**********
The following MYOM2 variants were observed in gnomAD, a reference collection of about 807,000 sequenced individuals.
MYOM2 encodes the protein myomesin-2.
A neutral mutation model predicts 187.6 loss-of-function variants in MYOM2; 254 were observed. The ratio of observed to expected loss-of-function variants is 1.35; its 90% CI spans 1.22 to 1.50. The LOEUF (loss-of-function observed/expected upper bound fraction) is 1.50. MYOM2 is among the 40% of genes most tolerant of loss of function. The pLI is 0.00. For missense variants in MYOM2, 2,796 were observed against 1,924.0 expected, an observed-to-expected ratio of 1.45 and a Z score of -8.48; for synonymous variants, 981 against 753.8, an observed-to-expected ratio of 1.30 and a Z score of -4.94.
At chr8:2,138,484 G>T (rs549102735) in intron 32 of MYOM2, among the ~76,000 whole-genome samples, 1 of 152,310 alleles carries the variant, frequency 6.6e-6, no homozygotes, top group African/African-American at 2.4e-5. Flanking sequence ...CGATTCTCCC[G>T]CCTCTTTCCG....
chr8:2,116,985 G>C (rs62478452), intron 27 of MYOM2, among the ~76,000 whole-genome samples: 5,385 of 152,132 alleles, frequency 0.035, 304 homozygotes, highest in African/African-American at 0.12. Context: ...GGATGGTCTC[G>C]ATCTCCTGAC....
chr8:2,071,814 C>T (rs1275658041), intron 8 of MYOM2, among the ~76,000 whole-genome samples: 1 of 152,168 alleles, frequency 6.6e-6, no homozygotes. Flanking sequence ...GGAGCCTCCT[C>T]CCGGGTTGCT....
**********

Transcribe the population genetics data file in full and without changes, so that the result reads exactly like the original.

The following MYOM2 variants were observed in gnomAD, a reference collection of about 807,000 sequenced individuals.
MYOM2 encodes the protein myomesin-2.
A neutral mutation model predicts 187.6 loss-of-function variants in MYOM2; 254 were observed. The ratio of observed to expected loss-of-function variants is 1.35; its 90% CI spans 1.22 to 1.50. The LOEUF (loss-of-function observed/expected upper bound fraction) is 1.50. MYOM2 is among the 40% of genes most tolerant of loss of function. The pLI is 0.00. For missense variants in MYOM2, 2,796 were observed against 1,924.0 expected, an observed-to-expected ratio of 1.45 and a Z score of -8.48; for synonymous variants, 981 against 753.8, an observed-to-expected ratio of 1.30 and a Z score of -4.94.
At chr8:2,138,484 G>T (rs549102735) in intron 32 of MYOM2, among the ~76,000 whole-genome samples, 1 of 152,310 alleles carries the variant, frequency 6.6e-6, no homozygotes, top group African/African-American at 2.4e-5. Flanking sequence ...CGATTCTCCC[G>T]CCTCTTTCCG....
chr8:2,116,985 G>C (rs62478452), intron 27 of MYOM2, among the ~76,000 whole-genome samples: 5,385 of 152,132 alleles, frequency 0.035, 304 homozygotes, highest in African/African-American at 0.12. Context: ...GGATGGTCTC[G>C]ATCTCCTGAC....
chr8:2,071,814 C>T (rs1275658041), intron 8 of MYOM2, among the ~76,000 whole-genome samples: 1 of 152,168 alleles, frequency 6.6e-6, no homozygotes. Flanking sequence ...GGAGCCTCCT[C>T]CCGGGTTGCT....